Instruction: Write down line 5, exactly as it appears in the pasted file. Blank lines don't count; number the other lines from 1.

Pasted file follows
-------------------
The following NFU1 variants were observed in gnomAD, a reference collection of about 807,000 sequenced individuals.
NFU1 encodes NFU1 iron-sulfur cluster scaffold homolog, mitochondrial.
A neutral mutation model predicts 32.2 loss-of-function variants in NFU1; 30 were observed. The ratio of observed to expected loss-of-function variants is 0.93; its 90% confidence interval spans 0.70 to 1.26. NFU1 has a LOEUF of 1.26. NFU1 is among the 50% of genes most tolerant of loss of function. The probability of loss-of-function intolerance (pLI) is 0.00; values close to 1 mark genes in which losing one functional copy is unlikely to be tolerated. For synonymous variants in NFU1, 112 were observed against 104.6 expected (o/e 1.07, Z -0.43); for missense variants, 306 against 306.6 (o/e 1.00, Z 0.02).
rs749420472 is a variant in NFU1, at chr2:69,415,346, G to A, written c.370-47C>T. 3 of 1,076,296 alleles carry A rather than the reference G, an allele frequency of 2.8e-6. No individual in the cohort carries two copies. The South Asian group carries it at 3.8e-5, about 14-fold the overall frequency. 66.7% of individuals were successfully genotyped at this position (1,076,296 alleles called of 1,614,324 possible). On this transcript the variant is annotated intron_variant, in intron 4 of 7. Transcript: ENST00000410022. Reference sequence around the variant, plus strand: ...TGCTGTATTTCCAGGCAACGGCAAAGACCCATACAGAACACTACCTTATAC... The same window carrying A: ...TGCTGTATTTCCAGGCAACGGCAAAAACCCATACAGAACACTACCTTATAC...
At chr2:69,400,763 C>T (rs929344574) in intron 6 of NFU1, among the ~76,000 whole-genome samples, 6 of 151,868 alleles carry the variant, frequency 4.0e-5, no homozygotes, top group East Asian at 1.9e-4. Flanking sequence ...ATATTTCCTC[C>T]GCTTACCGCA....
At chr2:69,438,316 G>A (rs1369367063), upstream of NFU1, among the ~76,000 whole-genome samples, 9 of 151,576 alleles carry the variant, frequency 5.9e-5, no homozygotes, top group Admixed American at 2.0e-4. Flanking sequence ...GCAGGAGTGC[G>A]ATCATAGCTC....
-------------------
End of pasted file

At chr2:69,400,763 C>T (rs929344574) in intron 6 of NFU1, among the ~76,000 whole-genome samples, 6 of 151,868 alleles carry the variant, frequency 4.0e-5, no homozygotes, top group East Asian at 1.9e-4. Flanking sequence ...ATATTTCCTC[C>T]GCTTACCGCA....